Since mid-April, Community Pantries have been springing up all over the Philippines: self-organized, donation-based food distribution points to support people who have no financial means (anymore) due to the pandemic.
On April 14, Ana Patricia Non initiated the first Community Pantry in Quezon City on Maginhawa Street, inspiring the creation of more than 300 others nationwide. Quickly, however, the Community Pantries also became targets of red-tagging. For example, the National Task Force to End Local Communist Armed Conflict (NTF-ELCAC) disseminated material via social media branding the Maginhawa Community Pantry as a “communist” movement; and police officers on site repeatedly asked for personal contact information. Out of concern and fear, the initiators closed the Community Pantry temporarily.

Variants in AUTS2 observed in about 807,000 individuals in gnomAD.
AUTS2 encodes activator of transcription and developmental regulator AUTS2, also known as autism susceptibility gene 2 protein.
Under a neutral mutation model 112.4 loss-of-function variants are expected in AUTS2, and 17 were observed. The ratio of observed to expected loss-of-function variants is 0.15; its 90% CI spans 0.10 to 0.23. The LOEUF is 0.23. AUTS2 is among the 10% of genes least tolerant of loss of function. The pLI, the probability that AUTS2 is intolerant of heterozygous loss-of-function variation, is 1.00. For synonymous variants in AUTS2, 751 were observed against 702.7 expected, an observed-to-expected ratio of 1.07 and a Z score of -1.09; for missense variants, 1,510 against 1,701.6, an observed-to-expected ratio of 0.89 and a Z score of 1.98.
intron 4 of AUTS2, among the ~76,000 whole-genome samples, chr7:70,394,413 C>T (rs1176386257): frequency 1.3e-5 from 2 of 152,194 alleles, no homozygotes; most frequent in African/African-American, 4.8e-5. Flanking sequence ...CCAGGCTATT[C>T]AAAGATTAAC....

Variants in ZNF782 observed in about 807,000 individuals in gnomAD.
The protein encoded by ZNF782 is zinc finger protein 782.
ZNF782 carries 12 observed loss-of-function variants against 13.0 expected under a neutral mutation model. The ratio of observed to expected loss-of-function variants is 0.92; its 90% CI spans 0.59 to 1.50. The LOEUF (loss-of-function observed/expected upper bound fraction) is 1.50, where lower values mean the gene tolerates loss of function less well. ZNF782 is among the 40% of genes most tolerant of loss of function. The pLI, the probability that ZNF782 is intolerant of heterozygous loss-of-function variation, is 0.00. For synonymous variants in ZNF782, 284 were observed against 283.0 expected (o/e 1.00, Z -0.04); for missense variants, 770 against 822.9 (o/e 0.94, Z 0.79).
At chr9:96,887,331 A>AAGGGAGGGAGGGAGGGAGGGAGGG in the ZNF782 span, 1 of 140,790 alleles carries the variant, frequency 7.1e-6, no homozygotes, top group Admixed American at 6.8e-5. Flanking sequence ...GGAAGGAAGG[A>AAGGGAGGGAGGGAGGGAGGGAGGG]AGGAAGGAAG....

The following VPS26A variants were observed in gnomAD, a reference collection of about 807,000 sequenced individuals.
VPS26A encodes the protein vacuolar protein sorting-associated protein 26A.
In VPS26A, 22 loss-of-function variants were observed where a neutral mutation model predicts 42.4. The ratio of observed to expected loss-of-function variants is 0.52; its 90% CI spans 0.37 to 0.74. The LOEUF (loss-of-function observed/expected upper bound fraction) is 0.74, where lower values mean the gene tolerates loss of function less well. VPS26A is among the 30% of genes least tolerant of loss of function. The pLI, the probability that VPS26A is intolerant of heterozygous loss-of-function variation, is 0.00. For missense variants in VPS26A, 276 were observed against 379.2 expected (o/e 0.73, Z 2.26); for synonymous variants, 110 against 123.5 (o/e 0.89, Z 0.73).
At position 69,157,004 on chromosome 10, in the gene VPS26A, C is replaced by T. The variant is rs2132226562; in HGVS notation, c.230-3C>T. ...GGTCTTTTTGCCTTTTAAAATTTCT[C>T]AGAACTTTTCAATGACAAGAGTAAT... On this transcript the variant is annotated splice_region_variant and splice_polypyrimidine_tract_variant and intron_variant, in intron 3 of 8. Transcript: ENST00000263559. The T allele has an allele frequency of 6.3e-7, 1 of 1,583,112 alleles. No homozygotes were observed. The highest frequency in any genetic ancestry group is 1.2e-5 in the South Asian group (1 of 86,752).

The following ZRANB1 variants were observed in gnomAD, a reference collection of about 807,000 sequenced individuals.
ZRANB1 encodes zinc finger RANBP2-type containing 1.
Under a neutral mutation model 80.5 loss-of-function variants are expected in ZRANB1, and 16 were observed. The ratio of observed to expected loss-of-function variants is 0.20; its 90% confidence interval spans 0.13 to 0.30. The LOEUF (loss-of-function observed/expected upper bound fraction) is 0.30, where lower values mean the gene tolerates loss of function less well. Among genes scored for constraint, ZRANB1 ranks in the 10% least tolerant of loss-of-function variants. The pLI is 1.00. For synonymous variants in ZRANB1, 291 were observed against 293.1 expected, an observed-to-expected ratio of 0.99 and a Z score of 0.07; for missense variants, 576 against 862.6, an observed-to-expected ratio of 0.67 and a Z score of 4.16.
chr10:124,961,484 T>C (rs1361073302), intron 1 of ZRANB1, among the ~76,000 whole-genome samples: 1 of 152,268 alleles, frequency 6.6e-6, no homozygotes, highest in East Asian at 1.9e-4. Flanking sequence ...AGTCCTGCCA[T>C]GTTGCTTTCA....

The Commission on Human Rights (CHR) strongly condemns the red-tagging, profiling, surveillance of Community Pantries, and the disregard for data privacy, calling them “shameful and politicking actions of the few ideologically bent.” The red-tagging of community pantries sparked a debate in the Senate over the role of the NTF-ELCAC. Calls are being made to abolish its budget or at least review it – some are also calling for the dismissal of controversial NTF-ELCAC spokesman and General Antonio Parlade from.